TOWN South Africa (Xihua) --
The City of Cape Town on Monday
announced the relaxation of restrictions on water
use staring on Oct. 1.
"The relaxation of
restrictions is a moderate proposal that is based on
a hydrological risk assessment that indicates that
it is safe to do so at the level of risk that is
agreed upon," the city said.
The decision came after Cape Town’s dam levels
were nearing 70 percent of storage capacity due to
rainfall at the beginning of winter and conservation
efforts of Capetonians, Executive Deputy Mayor
Alderman Neilson said.
Water restrictions and the associated tariffs
will be lowered in the interim from Level 6B to
Level 5 from Oct. 1, he said.
Water conservation efforts will remain in place,
but the daily water usage target will be increased
from 50 liters to 70 liters per person and the daily
collective consumption target will increase by 50
million liters to 500 million liters, Neilson said.
The Western Cape Water Supply System’s dams are
now at 68 percent capacity, a significant
improvement on the situation at the end of the
previous winter, when they were at 38 percent
capacity, according to the city.
In February this year, the city imposed Level 6B
water restrictions, the most stringent in history,
due to a persistent drought.
"Much work is planned over the next few years to
augment the city’s water supply," Neilson said.
"Our water conservation awareness and demand
management will continue as always."
Cape Town was on the brink of becoming the
world’s first metropolis to run out of water last
year, when Capetonians braced for the so-called Day
Zero, which refers to a time when dams supplying
water to the city run dry, water taps are switched
off and residents have to collect water at
government refrains from endorsing
Cape Town’s bid to relax water restrictions
CAPE TOWN South Africa (Xihua)
-- The South African
government on Monday refrained from endorsing the
City of Cape Town’s bid to relax water restrictions
despite a significant rise of water in dams.
"Water restrictions imposed by the national
government will remain in place and only be reviewed
once the average Western Cape provincial dam level
reaches 85 percent," the national Department of
Water and Sanitation (DWS) said.
According to the DWS, the dam levels assessment
report as at September 10 suggests that the dam
levels of the Western Cape Water Supply System have
reached 68.9 percent, a notable increase increase
from last week when it was at 65.96 percent.
Earlier on Monday, Cape Town announced the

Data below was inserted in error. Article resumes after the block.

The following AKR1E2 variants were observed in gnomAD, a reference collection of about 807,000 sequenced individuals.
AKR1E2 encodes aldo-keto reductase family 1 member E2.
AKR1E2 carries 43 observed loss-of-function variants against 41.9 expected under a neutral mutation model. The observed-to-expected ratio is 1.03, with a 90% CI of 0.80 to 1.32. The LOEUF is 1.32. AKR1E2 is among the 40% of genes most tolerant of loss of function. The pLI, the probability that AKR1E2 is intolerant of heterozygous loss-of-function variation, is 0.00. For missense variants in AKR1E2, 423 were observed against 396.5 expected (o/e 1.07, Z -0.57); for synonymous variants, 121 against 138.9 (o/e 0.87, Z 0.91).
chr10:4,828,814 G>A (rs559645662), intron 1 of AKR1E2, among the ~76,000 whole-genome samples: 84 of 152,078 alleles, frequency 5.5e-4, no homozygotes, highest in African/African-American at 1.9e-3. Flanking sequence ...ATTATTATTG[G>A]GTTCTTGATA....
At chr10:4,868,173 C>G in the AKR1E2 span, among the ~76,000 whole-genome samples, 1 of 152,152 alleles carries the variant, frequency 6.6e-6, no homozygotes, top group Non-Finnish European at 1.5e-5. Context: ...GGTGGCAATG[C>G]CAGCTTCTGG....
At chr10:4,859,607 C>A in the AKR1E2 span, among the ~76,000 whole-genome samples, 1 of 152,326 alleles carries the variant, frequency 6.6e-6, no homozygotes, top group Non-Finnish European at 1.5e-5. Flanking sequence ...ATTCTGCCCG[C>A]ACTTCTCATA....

relaxation of restrictions starting from October 1.
The city said it made the decision taking into
consideration that Cape Town’s dam levels were
nearing 70 percent of storage capacity due to good
rainfall at the beginning of winter and the
phenomenal conservation efforts of Capetonians.
Water restrictions and the associated tariffs are
thus to be conservatively lowered in the interim
from Level 6B to Level 5 from October 1, 2018, the
Therefore, the water usage target will be
increased from 50 litres to 70 litres per person per
day and the daily collective consumption target will
increase by 50 million litres to 500 million litres
to ensure that water conservation efforts remain in
place, Executive Deputy Mayor Alderman Neilson said.
Neilson said the municipality has been in
discussion with the national department for some
time about relaxing the restrictions but failed to
get its blessing.
"The difficulty with the national department is
that they’ve taken a broad approach that they are
going to wait the right end of the season," Neilson
He said the city can no longer wait on the
Essentially, all the users in the rain catchment
areas have reviewed the hydrological information
that’s available and have all come to the conclusion
that it is appropriate now for a stepwise relaxation
of restrictions, Neilson said.
But in its Monday statement, the DWS defended its
decision to keep the water restrictions, saying this
is to safeguard the available resource particularly
at this point when the winter rainy season is coming
to an end.
The DWS is urging all water users to continue to
save water and use water sparingly during the spring
and summer seasons, DWS spokesperson Sputnik Ratau
Cape Town, South Africa’s legislative capital
with a population of four million, was on the brink
of becoming the world’s first metropolis to run out
of water last year, in what was called Day Zero
which refers to the time when dams supplying water
to the city run dry, water taps are switched off and
residents have to collect water at designated
In February this year, the city imposed Level 6B
water restrictions, the most stringent water control
in history, due to a persistent drought.
police trying to allay panic following spate of
CAPE TOWN South Africa
The South African Police Service
(SAPS) on Friday tried to allay panic following a
spate of child abductions and kidnappings in the
The SAPS assures the country that continuous
awareness and educational talks on the safety of
children are done at various institutions including
schools, SAPS Brigadier Vishnu Naidoo said.
This came after a spate of child abductions and
kidnappings rocked the nation.
In the Western Cape province alone, at least 13
cases of child abductions and attempted kidnappings
have been reported since August 8.
The victims are mostly female learners who were
targeted while walking to or from school, according
to the Western Cape Education Department.
In three of the 13 cases, the victims were
sexually assaulted, department officials said.
Police said they had no idea at present about who
or what group is behind these crimes.
Meanwhile, various video clips have gone viral on
social media platforms recently, depicting cases of
child kidnappings and abduction, fueling panic among
the South African public.
The SAPS has been trying to confirm if those
depictions occurred in any part of South Africa,
Some of these videos might even be re-enactments
as they are conveniently taken in a way that neither
the location nor any other can be ascertained, he
If these cases of abductions and kidnappings are
not officially reported to police, "the only
reasonable conclusion we can draw from this is that